Tuesday, December 18, 2012 - 11:00am - 12:00pm EST
- Location:Jacob Building, Silleck Lounge
Six MetroTech Center, Brooklyn, NY, US
Speaker: Professor Matthew M. Peet
Host Faculty: Professor Farshad Khorrami
In this talk, we explore the possibilities and limits of using computation to analyze and control complex systems. The systems we consider are modeled by nonlinear, delayed or partial-differential equations. We begin the talk by proving that stability of a nonlinear vector field is decidable and deriving a bound on the complexity as a function of the rate of decay. This derivation explores concepts from convex optimization and converse Lyapunov theory. We then discuss extending these results to the difficult problems of stability and control of systems with delay or spatial dimension. Finally, we show how these computational techniques can be applied to knowledge discovery in immunology.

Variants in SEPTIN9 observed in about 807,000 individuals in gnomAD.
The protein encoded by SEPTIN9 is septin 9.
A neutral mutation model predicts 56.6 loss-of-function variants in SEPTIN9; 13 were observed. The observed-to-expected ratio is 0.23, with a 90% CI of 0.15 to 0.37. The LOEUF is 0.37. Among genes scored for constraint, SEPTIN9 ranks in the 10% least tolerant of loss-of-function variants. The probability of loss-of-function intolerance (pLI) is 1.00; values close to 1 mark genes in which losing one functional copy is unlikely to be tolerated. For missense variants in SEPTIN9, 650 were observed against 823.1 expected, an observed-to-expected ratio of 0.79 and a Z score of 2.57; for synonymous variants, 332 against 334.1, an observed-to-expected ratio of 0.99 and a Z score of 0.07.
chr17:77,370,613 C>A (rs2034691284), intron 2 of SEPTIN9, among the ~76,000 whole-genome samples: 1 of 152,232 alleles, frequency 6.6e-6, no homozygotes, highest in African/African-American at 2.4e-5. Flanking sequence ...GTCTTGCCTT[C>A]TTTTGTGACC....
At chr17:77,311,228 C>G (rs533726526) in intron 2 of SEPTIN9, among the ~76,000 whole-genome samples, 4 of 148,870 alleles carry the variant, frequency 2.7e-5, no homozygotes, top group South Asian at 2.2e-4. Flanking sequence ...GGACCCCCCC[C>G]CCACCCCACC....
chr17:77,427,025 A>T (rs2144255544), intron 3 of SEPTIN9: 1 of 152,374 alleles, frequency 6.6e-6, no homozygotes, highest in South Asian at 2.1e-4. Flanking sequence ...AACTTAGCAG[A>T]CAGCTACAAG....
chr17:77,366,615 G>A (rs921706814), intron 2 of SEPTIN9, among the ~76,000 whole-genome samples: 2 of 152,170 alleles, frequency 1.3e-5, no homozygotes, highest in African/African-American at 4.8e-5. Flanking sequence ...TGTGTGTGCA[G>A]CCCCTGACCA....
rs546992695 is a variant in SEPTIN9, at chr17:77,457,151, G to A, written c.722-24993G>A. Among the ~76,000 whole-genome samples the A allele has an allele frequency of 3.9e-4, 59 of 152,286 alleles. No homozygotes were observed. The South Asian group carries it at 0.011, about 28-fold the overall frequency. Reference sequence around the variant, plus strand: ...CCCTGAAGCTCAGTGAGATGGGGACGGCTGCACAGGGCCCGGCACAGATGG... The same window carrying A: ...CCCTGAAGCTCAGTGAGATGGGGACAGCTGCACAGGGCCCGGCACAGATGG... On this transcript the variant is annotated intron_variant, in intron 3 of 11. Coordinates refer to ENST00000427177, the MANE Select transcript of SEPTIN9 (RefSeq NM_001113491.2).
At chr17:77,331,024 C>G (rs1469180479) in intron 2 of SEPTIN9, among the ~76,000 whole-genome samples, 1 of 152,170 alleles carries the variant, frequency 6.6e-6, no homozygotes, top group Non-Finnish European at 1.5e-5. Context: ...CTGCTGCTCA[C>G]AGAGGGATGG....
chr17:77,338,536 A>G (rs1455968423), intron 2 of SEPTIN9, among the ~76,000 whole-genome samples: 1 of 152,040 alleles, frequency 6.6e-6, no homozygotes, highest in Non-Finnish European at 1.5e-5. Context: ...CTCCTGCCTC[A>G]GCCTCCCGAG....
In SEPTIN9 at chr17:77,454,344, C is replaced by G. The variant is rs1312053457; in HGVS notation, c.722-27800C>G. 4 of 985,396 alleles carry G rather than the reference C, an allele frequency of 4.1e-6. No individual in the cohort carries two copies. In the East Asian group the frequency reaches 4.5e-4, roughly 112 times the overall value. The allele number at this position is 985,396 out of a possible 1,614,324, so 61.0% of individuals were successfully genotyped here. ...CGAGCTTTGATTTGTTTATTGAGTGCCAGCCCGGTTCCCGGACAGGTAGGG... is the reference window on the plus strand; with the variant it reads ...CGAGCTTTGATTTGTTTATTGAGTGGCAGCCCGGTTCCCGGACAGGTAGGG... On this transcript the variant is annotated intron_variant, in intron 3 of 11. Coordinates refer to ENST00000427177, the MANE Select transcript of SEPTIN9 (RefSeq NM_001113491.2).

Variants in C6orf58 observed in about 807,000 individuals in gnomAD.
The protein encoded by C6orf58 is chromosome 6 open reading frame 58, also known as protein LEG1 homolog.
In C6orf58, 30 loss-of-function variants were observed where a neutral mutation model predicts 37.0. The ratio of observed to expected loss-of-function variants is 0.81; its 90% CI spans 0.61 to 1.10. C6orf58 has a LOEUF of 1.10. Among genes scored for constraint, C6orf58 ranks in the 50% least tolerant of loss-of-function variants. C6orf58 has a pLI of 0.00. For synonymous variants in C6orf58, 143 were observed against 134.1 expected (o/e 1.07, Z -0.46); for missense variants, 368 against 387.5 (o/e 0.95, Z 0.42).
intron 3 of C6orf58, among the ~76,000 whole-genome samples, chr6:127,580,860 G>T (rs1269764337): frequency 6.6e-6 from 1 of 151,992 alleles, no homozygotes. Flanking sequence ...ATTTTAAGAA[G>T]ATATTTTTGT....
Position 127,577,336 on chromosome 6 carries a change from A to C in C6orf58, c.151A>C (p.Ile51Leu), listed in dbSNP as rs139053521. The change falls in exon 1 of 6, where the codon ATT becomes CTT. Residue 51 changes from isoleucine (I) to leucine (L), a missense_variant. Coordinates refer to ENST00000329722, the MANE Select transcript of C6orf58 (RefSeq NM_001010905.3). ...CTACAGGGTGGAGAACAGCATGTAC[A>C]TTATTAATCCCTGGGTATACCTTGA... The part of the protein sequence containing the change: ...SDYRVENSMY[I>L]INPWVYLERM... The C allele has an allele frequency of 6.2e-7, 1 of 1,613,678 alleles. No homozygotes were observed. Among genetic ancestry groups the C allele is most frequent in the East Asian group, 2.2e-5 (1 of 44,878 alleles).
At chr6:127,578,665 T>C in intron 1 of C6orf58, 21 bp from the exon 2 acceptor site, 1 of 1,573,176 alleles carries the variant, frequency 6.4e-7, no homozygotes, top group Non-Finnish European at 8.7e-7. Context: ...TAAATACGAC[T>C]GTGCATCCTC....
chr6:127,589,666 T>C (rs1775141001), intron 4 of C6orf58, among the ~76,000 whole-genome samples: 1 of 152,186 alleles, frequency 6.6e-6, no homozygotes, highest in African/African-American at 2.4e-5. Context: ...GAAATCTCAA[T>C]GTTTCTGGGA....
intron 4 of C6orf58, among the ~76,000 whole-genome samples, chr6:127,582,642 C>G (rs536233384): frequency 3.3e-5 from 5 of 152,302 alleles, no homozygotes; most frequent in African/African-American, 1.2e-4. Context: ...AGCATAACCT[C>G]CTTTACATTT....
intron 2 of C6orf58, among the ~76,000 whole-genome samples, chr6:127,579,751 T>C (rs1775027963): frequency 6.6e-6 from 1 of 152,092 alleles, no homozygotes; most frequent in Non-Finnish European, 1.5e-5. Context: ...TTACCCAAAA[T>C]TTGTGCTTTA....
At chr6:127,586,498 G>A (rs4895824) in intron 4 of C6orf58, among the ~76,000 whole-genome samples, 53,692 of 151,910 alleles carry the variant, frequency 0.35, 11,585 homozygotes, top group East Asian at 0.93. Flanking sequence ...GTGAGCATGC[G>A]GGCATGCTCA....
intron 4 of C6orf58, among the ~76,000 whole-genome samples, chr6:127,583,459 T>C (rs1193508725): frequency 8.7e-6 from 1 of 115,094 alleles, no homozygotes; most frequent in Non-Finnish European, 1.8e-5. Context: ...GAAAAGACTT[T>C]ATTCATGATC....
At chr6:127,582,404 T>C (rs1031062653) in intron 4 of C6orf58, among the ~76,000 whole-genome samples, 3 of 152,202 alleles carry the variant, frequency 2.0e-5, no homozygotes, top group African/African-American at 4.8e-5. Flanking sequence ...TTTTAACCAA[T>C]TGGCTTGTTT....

About the Speakers
Matthew M. Peet received B.S. degrees in Physics and in Aerospace Engineering from the University of Texas at Austin in 1999 and the M.S. and Ph.D. in Aeronautics and Astronautics from Stanford University in 2001 and 2006, respectively. He was a Postdoctoral Fellow at the National Institute for Research in Computer Science and Control (INRIA) near Paris, France, from 2006-2008 where he worked in the SISYPHE and BANG groups. From 2008-2012 he was an Assistant Professor in the Mechanical, Materials, and Aerospace Engineering Department of the Illinois Institute of Technology. He is currently an Assistant Professor of Aerospace Engineering at Arizona State University (ASU) in the School for Engineering of Matter, Transport and Energy and director of the Cybernetic Systems and Controls Laboratory. A recent NSF CAREER awardee, his current research interests are in the role of computation as it is applied to the understanding and control of complex and large-scale systems. He has studied the use of optimization algorithms and Sum-of-Squares programming for the analysis of nonlinear systems and partial differential equations and has worked with applications in information networks and cancer therapy.